If you constantly struggle with constipation, you might use laxatives, drink prune juice, or try other methods to soften up your bowels. But if nothing you do works, it's time to see a personal physician. Although constipation can happen to any woman, the problem shouldn't be something you struggle with on a daily basis. Chronic constipation may indicate problems with your digestive system. Here are things to know about constipation and how you can alleviate it safely.
Why Are You Really Constipated?
Constipation occurs when you have problems passing bowel movements. Most people pass about three bowel movements a week. Other people may go multiple times a day without issue. But with constipation, you struggle to pass those three bowel movements a week or might not even "go" at all.
Constipated bowel movements are usually hard and painful. The feces may be small and rock-like, or it may be large and solid. If you try to push the hard bowel movements out, you can strain and damage the delicate blood vessels in your rectum. This problem may potentially lead to hemorrhoids or bowel incontinence over time.
Hemorrhoids develop when the blood vessels in your rectum enlarge, bleed, and push out of the anus. Bowel incontinence develops when you can't contain your bowel movements at all. Both of these conditions can be discouraging and uncomfortable.
By making some changes in your life, you can overcome your constipation.
What Can You Do About Your Constipation?
One of the things you can do is drink plenty of water, since it can help soften your bowels. Sometimes constipation occurs when you don't drink enough water throughout the day. Your digestive system's large intestine requires water to help break down the food you eat into waste. If your large intestine doesn't have enough fluid inside it, the waste becomes hard and dry.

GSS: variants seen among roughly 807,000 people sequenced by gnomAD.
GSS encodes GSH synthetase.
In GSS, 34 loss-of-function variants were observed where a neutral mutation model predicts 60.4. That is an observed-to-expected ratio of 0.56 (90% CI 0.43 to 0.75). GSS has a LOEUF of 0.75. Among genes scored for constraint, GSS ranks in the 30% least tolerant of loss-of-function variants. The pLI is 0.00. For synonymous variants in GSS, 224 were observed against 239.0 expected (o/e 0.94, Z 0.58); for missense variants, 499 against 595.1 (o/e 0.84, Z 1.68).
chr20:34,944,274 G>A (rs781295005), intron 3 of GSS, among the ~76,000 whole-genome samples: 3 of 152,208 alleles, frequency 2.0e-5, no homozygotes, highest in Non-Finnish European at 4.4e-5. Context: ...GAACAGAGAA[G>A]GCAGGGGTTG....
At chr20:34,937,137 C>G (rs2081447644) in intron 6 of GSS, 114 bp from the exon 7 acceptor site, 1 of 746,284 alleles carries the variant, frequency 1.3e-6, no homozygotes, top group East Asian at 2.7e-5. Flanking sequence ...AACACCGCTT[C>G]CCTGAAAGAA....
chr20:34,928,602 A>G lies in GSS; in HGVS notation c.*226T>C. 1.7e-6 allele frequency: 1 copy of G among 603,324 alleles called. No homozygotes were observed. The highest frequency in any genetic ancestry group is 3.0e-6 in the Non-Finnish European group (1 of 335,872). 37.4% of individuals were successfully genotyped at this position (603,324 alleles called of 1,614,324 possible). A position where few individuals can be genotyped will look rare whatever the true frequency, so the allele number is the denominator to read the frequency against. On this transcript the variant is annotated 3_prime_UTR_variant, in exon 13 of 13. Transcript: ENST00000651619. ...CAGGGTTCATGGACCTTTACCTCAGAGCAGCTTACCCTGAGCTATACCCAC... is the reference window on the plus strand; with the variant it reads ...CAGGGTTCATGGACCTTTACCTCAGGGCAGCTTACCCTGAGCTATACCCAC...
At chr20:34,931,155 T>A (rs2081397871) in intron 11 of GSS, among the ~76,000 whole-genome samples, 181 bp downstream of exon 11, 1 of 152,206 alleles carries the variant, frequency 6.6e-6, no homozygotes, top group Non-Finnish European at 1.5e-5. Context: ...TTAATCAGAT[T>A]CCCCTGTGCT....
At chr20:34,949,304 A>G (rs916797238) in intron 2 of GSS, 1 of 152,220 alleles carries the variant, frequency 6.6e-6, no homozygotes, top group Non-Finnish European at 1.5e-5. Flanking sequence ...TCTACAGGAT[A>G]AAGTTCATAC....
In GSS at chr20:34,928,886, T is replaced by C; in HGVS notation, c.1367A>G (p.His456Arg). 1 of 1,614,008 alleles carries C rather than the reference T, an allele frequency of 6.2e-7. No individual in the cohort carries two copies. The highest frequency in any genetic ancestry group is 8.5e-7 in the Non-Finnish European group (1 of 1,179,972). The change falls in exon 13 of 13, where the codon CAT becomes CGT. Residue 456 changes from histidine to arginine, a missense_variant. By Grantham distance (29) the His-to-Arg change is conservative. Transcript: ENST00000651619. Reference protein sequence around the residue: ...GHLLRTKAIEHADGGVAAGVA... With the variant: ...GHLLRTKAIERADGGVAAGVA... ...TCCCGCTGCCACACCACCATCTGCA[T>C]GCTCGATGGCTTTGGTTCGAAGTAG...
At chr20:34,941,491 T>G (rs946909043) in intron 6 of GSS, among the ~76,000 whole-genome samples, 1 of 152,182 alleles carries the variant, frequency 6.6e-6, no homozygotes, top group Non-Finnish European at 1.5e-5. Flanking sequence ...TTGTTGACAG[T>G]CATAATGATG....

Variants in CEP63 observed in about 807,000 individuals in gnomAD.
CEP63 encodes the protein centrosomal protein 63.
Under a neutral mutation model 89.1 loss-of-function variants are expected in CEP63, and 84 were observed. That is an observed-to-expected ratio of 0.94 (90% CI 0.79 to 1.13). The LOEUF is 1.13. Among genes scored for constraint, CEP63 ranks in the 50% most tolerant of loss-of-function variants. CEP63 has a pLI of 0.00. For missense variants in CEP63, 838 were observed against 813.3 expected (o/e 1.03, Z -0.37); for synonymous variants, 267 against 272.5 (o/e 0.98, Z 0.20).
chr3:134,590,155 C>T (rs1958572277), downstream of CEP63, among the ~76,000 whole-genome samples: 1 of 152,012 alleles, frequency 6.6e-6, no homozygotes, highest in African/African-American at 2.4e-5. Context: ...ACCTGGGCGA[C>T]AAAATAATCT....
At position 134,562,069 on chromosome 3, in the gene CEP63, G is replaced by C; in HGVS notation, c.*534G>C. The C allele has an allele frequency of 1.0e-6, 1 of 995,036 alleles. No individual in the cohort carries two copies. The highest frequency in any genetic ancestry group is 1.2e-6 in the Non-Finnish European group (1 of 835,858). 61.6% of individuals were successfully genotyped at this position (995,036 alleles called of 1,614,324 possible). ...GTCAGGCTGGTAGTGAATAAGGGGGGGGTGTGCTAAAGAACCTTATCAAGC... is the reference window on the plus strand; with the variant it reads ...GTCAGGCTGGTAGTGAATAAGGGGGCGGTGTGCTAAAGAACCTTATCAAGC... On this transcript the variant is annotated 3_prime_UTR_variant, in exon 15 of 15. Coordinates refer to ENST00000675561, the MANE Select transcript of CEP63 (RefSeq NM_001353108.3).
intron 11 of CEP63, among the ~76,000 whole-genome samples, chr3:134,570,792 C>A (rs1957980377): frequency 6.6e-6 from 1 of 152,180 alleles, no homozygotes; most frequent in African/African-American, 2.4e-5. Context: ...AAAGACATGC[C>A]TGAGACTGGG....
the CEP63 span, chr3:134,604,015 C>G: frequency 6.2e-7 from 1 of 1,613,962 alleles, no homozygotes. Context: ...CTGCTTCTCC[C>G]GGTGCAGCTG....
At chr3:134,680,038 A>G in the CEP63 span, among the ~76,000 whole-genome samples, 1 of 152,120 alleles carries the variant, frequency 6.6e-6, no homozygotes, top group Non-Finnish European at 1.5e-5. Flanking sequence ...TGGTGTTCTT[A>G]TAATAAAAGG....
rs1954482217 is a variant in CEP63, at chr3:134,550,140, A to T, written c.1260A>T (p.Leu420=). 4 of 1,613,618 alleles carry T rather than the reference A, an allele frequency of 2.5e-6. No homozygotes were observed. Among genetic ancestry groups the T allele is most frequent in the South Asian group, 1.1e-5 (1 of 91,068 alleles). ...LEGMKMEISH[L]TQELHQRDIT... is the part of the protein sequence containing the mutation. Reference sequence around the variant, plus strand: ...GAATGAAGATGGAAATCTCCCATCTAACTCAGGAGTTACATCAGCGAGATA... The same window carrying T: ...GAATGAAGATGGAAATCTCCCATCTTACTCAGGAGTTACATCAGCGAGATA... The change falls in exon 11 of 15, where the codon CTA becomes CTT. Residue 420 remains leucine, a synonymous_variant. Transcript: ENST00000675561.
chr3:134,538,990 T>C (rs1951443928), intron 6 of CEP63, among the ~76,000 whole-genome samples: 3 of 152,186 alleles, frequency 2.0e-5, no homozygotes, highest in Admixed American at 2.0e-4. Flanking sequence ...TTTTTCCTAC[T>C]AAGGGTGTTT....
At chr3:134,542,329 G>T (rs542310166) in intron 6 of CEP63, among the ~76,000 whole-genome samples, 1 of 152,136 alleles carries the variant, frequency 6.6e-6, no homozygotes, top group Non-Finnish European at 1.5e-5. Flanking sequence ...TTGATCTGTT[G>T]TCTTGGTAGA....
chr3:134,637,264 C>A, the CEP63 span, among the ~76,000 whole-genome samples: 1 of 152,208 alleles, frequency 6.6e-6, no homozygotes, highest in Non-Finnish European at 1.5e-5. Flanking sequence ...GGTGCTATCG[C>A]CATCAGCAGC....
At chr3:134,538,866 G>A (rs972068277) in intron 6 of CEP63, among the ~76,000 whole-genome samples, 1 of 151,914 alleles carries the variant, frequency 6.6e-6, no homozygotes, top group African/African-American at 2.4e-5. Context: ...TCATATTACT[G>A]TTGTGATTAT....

Women should drink about 9 cups of water a day. If you can't tolerate too much water, try clear liquids like white tea and apple juice. You can also eat watermelon and other watery fruit to stay hydrated.
You can also become constipated if you have a digestive problem called irritable bowel syndrome (IBS). Irritable bowel syndrome affects your large intestine's ability to break down food waste and absorb water. The condition can cause a variety of issues, including constipation and cramping. If you have any of these symptoms, tell a personal doctor right away.
Women can also experience constipation if they have problems with their pelvic floor muscles and organs. For instance, if you recently experienced a difficult pregnancy or delivery, your uterus may have collapsed from the stress of childbirth. The weight of your uterus may prevent your bowels from passing normally. An ob-gyn can examine you to see if you have a prolapsed uterus.
If you have concerns about constipation, contact a physician for an appointment today.